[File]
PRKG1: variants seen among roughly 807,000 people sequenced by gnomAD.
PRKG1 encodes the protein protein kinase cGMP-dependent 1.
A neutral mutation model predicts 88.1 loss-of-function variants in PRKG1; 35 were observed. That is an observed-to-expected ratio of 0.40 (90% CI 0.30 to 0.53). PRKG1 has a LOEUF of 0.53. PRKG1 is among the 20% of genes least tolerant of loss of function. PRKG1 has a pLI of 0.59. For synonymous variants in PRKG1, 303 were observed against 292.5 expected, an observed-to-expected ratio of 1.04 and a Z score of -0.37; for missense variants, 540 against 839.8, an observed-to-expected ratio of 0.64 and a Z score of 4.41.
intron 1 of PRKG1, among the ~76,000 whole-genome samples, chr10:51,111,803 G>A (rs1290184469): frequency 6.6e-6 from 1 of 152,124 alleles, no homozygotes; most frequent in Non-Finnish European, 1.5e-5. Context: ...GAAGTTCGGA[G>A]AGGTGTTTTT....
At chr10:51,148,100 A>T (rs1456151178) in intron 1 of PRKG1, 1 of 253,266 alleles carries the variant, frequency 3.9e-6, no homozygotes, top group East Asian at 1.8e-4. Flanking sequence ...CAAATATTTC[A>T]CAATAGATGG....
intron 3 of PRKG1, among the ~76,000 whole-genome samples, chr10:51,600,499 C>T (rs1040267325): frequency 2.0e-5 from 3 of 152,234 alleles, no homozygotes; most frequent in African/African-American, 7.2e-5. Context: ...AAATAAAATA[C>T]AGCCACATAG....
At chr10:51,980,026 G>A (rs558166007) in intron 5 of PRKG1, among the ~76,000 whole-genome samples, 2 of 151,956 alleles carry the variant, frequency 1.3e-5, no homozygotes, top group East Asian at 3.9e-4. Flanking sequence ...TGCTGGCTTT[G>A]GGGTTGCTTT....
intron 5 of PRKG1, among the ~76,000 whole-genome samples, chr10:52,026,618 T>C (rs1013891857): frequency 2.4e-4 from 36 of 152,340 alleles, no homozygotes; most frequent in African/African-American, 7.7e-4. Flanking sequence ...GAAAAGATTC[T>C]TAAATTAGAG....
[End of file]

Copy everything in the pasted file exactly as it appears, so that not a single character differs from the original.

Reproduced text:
PRKG1: variants seen among roughly 807,000 people sequenced by gnomAD.
PRKG1 encodes the protein protein kinase cGMP-dependent 1.
A neutral mutation model predicts 88.1 loss-of-function variants in PRKG1; 35 were observed. That is an observed-to-expected ratio of 0.40 (90% CI 0.30 to 0.53). PRKG1 has a LOEUF of 0.53. PRKG1 is among the 20% of genes least tolerant of loss of function. PRKG1 has a pLI of 0.59. For synonymous variants in PRKG1, 303 were observed against 292.5 expected, an observed-to-expected ratio of 1.04 and a Z score of -0.37; for missense variants, 540 against 839.8, an observed-to-expected ratio of 0.64 and a Z score of 4.41.
intron 1 of PRKG1, among the ~76,000 whole-genome samples, chr10:51,111,803 G>A (rs1290184469): frequency 6.6e-6 from 1 of 152,124 alleles, no homozygotes; most frequent in Non-Finnish European, 1.5e-5. Context: ...GAAGTTCGGA[G>A]AGGTGTTTTT....
At chr10:51,148,100 A>T (rs1456151178) in intron 1 of PRKG1, 1 of 253,266 alleles carries the variant, frequency 3.9e-6, no homozygotes, top group East Asian at 1.8e-4. Flanking sequence ...CAAATATTTC[A>T]CAATAGATGG....
intron 3 of PRKG1, among the ~76,000 whole-genome samples, chr10:51,600,499 C>T (rs1040267325): frequency 2.0e-5 from 3 of 152,234 alleles, no homozygotes; most frequent in African/African-American, 7.2e-5. Context: ...AAATAAAATA[C>T]AGCCACATAG....
At chr10:51,980,026 G>A (rs558166007) in intron 5 of PRKG1, among the ~76,000 whole-genome samples, 2 of 151,956 alleles carry the variant, frequency 1.3e-5, no homozygotes, top group East Asian at 3.9e-4. Flanking sequence ...TGCTGGCTTT[G>A]GGGTTGCTTT....
intron 5 of PRKG1, among the ~76,000 whole-genome samples, chr10:52,026,618 T>C (rs1013891857): frequency 2.4e-4 from 36 of 152,340 alleles, no homozygotes; most frequent in African/African-American, 7.7e-4. Flanking sequence ...GAAAAGATTC[T>C]TAAATTAGAG....